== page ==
“The advent of the Internet has changed the traditional conditions of identity production,” reads a study from 2008 on how people presented themselves on Facebook. People had been curating their presences online for a long time before Facebook, but the fact that Facebook required real names and, for a long time after its inception, association with an educational institution made researchers wonder if it would make people hew a little closer to reality.
As the study concluded, “identity is not an individual characteristic; it is not an expression of something innate in a person, it is rather a social product, the outcome of a given social environment and hence performed differently in varying contexts.” Because Facebook was so susceptible to this “performance,” so easily controlled and curated, it quickly became less about real people and more about highlight reels.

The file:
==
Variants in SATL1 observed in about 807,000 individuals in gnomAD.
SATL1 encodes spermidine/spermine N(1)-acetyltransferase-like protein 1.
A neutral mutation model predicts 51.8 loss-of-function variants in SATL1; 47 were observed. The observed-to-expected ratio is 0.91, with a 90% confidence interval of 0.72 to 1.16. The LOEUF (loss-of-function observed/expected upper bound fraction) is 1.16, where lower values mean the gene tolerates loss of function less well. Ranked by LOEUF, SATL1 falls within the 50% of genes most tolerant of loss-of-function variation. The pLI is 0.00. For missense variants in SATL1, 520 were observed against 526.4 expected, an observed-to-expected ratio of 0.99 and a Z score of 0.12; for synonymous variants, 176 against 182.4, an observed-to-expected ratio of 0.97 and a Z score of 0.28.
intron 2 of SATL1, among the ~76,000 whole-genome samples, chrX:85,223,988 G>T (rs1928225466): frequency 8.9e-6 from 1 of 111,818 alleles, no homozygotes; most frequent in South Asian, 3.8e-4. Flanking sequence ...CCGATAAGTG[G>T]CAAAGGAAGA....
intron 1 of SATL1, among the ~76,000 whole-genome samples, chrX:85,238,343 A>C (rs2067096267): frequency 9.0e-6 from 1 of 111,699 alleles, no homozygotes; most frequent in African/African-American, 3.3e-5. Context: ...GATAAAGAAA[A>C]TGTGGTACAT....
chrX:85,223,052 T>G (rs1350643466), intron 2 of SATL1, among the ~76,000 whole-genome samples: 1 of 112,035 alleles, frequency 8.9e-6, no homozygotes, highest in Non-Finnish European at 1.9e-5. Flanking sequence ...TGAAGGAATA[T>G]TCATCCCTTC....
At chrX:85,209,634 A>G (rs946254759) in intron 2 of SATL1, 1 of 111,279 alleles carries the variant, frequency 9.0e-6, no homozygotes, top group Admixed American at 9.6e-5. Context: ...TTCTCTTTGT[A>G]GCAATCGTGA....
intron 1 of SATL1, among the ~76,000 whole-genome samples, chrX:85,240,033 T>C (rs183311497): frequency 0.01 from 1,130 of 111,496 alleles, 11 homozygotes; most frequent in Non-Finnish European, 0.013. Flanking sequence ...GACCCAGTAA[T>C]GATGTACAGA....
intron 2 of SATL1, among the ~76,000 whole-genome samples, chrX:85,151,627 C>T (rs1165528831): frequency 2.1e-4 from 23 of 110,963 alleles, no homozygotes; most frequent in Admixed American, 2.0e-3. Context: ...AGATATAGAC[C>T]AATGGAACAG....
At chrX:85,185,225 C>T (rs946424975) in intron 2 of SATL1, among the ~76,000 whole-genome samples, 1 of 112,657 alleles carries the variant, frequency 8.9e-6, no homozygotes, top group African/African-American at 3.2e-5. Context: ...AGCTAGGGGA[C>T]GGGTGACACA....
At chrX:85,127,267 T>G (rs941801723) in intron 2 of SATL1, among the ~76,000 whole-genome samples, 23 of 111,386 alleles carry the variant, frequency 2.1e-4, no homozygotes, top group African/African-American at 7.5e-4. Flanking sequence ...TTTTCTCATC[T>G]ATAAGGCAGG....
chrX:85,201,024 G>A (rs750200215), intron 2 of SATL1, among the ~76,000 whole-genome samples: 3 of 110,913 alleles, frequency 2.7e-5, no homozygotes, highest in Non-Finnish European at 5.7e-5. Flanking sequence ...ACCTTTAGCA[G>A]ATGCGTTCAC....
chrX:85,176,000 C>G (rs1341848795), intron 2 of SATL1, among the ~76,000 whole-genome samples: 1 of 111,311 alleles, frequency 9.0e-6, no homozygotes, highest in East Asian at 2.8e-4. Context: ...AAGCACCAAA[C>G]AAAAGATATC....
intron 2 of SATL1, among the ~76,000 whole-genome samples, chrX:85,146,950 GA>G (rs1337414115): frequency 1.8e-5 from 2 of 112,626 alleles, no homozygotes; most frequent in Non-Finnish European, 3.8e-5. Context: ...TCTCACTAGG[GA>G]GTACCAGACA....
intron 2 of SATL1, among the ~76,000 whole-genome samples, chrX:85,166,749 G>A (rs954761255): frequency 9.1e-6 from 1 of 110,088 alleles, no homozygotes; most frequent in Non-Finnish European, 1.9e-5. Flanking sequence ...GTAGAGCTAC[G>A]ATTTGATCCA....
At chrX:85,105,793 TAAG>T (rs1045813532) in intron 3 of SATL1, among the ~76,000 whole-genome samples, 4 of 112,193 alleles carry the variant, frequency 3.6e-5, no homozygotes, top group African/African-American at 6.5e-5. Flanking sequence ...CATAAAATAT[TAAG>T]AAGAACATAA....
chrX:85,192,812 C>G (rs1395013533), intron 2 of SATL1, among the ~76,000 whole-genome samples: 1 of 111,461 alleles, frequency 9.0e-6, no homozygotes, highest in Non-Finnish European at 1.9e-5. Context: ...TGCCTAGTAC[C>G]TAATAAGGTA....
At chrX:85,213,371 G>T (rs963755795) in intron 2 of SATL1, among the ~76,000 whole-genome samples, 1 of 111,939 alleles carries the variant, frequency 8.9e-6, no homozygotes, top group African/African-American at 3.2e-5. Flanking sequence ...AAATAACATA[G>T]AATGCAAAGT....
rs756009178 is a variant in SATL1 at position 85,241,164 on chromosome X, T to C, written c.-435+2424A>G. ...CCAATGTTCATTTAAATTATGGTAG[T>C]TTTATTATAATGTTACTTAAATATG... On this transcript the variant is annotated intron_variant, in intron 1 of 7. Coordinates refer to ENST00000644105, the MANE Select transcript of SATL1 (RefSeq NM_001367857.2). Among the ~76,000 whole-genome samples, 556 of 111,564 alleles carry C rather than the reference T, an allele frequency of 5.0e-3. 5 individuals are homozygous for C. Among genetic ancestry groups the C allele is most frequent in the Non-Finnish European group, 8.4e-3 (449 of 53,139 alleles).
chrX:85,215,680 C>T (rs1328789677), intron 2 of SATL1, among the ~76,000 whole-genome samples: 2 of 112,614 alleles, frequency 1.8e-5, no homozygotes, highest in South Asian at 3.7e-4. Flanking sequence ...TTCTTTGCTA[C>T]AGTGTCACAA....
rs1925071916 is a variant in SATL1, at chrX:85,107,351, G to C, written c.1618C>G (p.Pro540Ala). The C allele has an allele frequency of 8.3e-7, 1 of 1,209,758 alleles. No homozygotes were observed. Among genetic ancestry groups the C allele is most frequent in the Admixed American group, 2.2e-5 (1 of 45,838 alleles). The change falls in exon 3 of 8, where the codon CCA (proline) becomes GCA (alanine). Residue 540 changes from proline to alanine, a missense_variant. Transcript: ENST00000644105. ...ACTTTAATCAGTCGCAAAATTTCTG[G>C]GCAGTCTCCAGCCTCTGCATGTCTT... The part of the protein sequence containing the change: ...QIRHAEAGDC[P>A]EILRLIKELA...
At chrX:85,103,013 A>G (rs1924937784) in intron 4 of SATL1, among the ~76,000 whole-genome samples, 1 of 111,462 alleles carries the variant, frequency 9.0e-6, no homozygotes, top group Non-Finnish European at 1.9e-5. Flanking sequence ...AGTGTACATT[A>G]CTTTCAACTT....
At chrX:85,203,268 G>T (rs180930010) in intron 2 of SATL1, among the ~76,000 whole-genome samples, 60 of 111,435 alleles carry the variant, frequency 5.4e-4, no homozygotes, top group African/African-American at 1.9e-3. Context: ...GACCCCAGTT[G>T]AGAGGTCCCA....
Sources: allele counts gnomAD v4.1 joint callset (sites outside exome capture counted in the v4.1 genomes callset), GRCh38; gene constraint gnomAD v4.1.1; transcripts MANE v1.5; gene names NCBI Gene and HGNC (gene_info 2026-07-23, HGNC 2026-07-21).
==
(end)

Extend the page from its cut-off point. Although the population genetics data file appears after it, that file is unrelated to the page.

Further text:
We came to Facebook to see other real people, but everyone, even casual users, saw it could be gamed for personal benefit. Inflicting our groomed identities on each other soon became its own problem.